A guy walks into a dealership and wants to buy a $30,000 truck for $19,900, according to this blog entry by car salesman, “Bloodraven” (pictured). The mark gets with one salesman but then calls over to a second salesman he’s bought from a few years ago. Now the second salesman has to sell the truck for the first salesman. Read how salesman #2 fends off the seemingly unstoppable customer’s quest for a deal with a good jerk of the patriotic heartstrings…
I took him outside. We lit up a cigarette, and we walked. We talked about a few things, families, cars, football. We got to a truck that was almost exactly what he was wanting, and I leaned against it…
I told him that for every one hundred dollars the takes off the price of that vehicle, he takes five bucks out of our friend’s (the new salesperson) pocket. I told him calmly, “You know, that man is a Gulf war vet, and he fought hard to make sure that I can sit here today and talk to you freely, so I am going to fight hard to protect his interests. If we sell you this car at $4,000 below invoice like you want us to, you are doing him a dis-service. So, here is what we need to do. You need to go in there and apologize to that hard working soldier and come to the realization that what you need to look at less truck, or raise your price.”
A tear literally formed in his eye. He had no idea that the new guy was a war vet. He didn’t know the hell he went through over there. He felt terrible, and while I hate to see a customer feel like that, again, sometimes it is needed. I walked him back inside and showed him the pictures the salesperson had in his office. His unit, pictures of him in the desert, his awards and certificates. Even I didn’t know that this man was wounded in combat.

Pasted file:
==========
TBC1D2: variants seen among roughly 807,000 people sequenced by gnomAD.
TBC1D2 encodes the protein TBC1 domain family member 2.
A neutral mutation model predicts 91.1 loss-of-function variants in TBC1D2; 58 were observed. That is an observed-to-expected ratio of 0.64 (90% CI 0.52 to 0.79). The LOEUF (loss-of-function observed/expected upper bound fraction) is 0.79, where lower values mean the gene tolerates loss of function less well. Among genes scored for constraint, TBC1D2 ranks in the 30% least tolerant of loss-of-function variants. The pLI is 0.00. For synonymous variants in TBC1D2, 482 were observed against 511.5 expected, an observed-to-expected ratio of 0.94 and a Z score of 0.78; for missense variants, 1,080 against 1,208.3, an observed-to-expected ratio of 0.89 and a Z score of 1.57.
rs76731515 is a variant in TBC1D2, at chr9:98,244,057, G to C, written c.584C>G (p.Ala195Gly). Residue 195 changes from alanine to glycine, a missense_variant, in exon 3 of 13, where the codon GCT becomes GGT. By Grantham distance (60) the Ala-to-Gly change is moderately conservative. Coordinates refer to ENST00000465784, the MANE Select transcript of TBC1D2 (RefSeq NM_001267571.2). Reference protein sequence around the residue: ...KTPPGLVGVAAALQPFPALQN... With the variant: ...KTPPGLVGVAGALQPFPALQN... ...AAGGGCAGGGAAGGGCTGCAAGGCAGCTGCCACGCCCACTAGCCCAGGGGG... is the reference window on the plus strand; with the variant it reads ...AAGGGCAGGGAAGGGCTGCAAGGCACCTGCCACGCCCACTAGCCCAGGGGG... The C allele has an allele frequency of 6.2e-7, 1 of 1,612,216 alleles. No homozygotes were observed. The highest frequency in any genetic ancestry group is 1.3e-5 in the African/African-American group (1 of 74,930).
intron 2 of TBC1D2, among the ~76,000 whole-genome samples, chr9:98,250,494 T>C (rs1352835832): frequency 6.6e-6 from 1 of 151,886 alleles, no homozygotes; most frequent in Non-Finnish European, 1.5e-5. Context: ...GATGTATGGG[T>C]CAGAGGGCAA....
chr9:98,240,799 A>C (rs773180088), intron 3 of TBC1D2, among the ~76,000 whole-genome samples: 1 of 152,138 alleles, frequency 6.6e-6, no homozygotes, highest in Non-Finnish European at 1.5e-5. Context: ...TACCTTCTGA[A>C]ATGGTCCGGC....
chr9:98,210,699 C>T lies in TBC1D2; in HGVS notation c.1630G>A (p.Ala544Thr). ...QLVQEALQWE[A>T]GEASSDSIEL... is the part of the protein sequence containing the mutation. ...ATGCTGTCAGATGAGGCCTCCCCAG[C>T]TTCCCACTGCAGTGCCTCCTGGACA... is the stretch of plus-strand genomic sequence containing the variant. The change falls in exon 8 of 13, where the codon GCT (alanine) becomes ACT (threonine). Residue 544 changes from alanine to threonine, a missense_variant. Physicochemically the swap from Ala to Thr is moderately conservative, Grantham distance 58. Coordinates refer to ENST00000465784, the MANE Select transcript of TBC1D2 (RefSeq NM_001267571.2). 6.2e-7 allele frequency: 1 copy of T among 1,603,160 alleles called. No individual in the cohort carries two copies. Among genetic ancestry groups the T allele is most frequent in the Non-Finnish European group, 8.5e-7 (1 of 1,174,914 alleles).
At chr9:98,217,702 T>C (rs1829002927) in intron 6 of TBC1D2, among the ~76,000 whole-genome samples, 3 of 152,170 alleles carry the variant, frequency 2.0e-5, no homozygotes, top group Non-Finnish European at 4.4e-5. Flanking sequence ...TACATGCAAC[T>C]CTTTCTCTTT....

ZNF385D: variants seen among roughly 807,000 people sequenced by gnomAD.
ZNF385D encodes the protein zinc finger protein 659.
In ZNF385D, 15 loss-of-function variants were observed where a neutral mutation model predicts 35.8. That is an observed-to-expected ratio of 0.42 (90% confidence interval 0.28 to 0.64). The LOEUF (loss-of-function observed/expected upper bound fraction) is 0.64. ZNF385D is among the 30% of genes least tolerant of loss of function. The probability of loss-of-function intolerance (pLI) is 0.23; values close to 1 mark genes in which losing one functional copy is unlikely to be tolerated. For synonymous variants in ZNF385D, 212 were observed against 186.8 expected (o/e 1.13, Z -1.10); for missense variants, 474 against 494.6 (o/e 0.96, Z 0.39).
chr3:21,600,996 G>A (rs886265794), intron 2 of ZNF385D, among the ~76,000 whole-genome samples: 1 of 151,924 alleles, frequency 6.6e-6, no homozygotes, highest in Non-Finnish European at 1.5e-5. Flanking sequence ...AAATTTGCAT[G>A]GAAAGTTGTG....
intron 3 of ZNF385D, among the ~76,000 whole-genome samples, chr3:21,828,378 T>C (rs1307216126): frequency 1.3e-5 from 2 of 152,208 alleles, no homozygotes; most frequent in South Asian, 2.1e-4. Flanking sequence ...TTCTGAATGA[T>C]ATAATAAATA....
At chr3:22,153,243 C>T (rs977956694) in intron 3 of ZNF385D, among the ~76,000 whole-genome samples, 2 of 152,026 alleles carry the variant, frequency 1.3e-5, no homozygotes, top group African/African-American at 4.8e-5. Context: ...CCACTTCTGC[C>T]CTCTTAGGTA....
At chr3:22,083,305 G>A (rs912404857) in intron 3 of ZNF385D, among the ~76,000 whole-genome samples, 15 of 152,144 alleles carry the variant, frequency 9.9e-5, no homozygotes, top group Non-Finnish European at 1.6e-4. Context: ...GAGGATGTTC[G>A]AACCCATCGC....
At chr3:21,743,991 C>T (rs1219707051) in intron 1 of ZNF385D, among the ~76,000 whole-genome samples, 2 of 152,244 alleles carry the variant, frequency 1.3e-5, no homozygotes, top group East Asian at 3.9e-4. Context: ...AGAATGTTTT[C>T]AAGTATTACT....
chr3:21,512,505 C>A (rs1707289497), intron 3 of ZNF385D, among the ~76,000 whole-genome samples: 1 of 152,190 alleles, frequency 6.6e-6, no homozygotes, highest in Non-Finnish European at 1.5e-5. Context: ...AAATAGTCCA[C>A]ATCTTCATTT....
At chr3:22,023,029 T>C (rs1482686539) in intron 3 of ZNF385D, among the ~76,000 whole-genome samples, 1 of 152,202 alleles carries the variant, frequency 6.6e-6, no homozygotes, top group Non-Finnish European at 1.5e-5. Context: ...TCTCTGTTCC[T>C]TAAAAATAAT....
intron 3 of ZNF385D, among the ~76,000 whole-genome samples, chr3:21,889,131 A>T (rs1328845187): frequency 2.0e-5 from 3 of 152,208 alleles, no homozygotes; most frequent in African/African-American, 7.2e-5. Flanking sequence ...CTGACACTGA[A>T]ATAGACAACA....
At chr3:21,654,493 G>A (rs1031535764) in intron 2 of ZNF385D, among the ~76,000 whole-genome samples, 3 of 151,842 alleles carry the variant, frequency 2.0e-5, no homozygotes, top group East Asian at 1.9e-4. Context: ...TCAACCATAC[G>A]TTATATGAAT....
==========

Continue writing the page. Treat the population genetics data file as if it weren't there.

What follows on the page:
Three hours later, he left in his new truck smiling. He went up to the new guy and shook his hand, and said thank you. The beautiful part, he said it with pure conviction. I could tell he was saying more than “Thank you for the great deal you guys gave me.” He was saying “Thank you for everything you have done.”
That is my job people. I have been saying it for years. My job is not to sell cars. My job is not to turn a profit for the dealership. My job is to make sure that every person I touch in my day is left with a positive impression. My job is to make sure that every single person that crosses my path is changed. My job is to make friends and change lives. If you happen to buy a car along the way, then my day gets even better.
Was the discount unreasonable to ask for? Perhaps. Did the salesman merely present him with facts? Sure, the other guy was really a vet. Is that material to your sales arrangement? Absolutely not.
It was a calculated maneuver designed to, as “Bloodraven” writes, protect the dealership’s interests. Their interests, not yours. Watch out at the car dealership, they are sneaky mofos (see our post, “Dealerships Rip You Off With The “Four-Square,” Here’s How To Beat It“) and will turn every psychological trick they can to make the most profit. Become steel! Resist…
But hey, at least for the extra money he paid, the customer drove out of the dealership feeling like a really great person. Too bad that’s not going to fund your car payments.
A Day as a Salesman [My Ride] (Thanks to David!)